India Today - - INSIDE - By Raj Chen­gappa

The Union bud­get’s big farm push is de­signed to please a large irate con­stituency of vot­ers. But will it also man­age to spur eco­nomic growth?

BBUDGET 2018 WAS A Modi mo­ment. With­out doubt. And as with ev­ery­thing he does, he made sure every­one knew it. Soon after the Union bud­get was tabled in Par­lia­ment, the prime min­is­ter, pen in one hand and notepad in the other, went on na­tional tele­vi­sion and for a good 25 min­utes spoke on its high­lights with ad­mirable flu­ency. He was acutely aware that this is his gov­ern­ment’s last full-fledged bud­get be­fore the gen­eral elec­tions. So ev­ery word he spoke had an un­der­ly­ing mes­sage for the elec­torate: I am your prime se­vak. I care for you, I care for our coun­try, I am a prob­lem-solver and I am think­ing not of the next elec­tion but the next generation.

Naren­dra Modi has al­ready demon­strated his ca­pac­ity for big ideas. His new­est catch phrases are a ‘New In­dia’ by 2022, en­sur­ing ‘so­cial and eco­nomic democ­racy’ and en­hanc­ing ‘Ease of Liv­ing’. He also has an

ap­petite for big risks. Whether it was the sur­gi­cal strikes against Pak­istan, the de­mon­eti­sa­tion drive against black money or ram­ming through the Goods and Ser­vice Tax, Modi showed he wanted ac­tion, what­ever the price. De­mon­eti­sa­tion proved to be a po­lit­i­cal suc­cess but was an eco­nomic mess. GST was an eco­nomic ne­ces­sity but a po­lit­i­cal quag­mire. As the coun­try’s growth slid un­der the weight of these two back-to-back eco­nomic shocks, Modi be­gan to lose his aura of in­vin­ci­bil­ity. But the prime min­is­ter showed that he is ever will­ing to fight back, learn from his er­rors and make amends speed­ily. Bud­get 2018 re­flected his abil­ity to take big risks even while man­ag­ing the in­her­ent con­flicts and con­tra­dic­tions be­tween pol­i­tics and the econ­omy.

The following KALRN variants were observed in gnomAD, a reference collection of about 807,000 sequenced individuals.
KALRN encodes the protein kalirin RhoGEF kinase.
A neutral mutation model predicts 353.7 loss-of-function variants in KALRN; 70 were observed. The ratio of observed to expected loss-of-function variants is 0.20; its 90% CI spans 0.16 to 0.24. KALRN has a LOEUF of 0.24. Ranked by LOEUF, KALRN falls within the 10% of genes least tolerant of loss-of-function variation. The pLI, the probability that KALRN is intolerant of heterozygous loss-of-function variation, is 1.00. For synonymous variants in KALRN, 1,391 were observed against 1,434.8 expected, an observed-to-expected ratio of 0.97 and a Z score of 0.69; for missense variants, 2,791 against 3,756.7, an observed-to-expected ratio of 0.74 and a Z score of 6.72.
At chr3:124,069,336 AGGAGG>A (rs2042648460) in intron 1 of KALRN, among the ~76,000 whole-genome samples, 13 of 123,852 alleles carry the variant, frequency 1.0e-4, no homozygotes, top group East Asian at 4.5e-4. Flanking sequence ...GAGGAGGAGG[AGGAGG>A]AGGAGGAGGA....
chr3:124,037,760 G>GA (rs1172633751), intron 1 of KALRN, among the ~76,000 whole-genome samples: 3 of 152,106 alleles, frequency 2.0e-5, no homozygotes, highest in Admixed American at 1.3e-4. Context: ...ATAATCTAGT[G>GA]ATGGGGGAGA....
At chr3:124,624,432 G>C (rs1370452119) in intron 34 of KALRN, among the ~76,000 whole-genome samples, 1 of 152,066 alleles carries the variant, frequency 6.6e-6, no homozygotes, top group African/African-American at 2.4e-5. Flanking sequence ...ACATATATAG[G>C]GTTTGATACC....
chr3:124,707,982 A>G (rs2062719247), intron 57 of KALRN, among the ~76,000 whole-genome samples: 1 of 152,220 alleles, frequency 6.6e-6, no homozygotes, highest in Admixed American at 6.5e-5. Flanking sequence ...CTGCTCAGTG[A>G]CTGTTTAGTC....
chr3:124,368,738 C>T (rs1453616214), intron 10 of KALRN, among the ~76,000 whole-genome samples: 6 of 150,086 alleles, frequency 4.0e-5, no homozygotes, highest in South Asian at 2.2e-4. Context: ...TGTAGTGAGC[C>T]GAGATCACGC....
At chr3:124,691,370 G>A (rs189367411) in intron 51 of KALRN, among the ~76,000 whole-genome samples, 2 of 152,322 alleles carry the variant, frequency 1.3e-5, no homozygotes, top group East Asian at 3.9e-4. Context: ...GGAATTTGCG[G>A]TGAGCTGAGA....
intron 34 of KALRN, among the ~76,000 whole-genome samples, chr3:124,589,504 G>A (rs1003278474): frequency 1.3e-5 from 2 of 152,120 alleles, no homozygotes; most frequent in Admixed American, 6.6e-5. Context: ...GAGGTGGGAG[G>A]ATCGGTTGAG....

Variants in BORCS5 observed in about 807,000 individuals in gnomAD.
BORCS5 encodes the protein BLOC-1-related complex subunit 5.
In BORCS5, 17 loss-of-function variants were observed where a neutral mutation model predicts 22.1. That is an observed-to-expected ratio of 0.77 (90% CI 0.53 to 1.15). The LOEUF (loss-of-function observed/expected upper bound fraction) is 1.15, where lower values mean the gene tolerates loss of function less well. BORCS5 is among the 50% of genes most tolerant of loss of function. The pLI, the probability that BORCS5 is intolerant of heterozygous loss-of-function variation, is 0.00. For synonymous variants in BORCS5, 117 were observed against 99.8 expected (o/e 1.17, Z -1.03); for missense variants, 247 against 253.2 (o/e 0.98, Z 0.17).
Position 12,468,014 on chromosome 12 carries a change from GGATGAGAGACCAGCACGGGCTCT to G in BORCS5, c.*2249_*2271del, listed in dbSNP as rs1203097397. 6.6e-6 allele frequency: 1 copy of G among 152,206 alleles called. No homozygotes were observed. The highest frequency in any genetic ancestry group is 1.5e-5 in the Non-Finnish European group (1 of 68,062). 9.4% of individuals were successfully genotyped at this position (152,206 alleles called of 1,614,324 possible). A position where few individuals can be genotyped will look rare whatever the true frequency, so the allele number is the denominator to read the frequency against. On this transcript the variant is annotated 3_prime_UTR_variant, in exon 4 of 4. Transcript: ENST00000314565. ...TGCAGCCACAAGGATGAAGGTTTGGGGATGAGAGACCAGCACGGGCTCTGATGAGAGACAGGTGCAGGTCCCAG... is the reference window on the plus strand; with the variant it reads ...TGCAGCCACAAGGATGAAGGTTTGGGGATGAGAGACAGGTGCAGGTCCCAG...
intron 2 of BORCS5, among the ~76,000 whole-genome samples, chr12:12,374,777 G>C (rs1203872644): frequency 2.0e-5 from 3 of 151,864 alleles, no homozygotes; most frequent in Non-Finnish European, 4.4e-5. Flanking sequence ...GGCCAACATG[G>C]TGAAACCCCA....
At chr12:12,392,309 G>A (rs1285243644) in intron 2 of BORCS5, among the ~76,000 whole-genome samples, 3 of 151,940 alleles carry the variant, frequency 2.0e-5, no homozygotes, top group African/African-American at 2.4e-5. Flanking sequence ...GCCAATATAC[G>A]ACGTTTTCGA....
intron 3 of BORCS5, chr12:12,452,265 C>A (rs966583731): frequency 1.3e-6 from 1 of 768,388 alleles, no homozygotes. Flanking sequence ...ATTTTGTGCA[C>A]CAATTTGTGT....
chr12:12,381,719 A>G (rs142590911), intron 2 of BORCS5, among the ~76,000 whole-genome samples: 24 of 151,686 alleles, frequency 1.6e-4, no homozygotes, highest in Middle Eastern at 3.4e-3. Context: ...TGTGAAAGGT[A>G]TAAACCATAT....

The eco­nomic im­per­a­tives be­fore the bud­get were clear. There was a need to find jobs for a young and bur­geon­ing work­force. The widespread agrar­ian dis­tress had to be ad­dressed even while rais­ing farm pro­duc­tiv­ity and re­silience. Key so­cial sec­tors like health and ed­u­ca­tion needed ur­gent re­form to de­velop a skilled and healthy labour force. Eco­nomic growth had to be speeded up by stim­u­lat­ing pri­vate in­vest­ment and boost­ing ex­ports if Modi was to keep the prom­ise of Achhe Din that he had rid­den to power with. All this with­out in­dulging in what an ad­vi­sor has termed the mind­sets of ‘crony so­cial­ism’ or the ‘stig­ma­tised cap­i­tal­ism’.

The po­lit­i­cal com­pul­sions were even more force­ful and ur­gent. Opin­ion polls, in­clud­ing one done by in­dia to­day re­cently, had shown that while Modi’s per­sonal pop­u­lar­ity re­mained high, that of his gov­ern­ment had steadily eroded mainly be­cause of the eco­nomic slide. If the BJP has to re­tain its ma­jor­ity in the next elec­tion, he would have to win over vast sec­tions of the pop­u­la­tion. Par­tic­u­larly dis­grun­tled farm­ers and agri­cul­tural labour, who con­sti­tute a bulk of the work force and the elec­torate. He would also need to firmly es­tab­lish a sym­pa­thetic image with ev­ery other sec­tion of the pop­u­la­tion that would make a dif­fer­ence at the bal­lot— youth, women, trib­als, Dal­its and small busi­ness­men. All this while main­tain­ing the Sangh Pari­var’s faith in his abil­ity to usher in a Hin­dutva In­dia.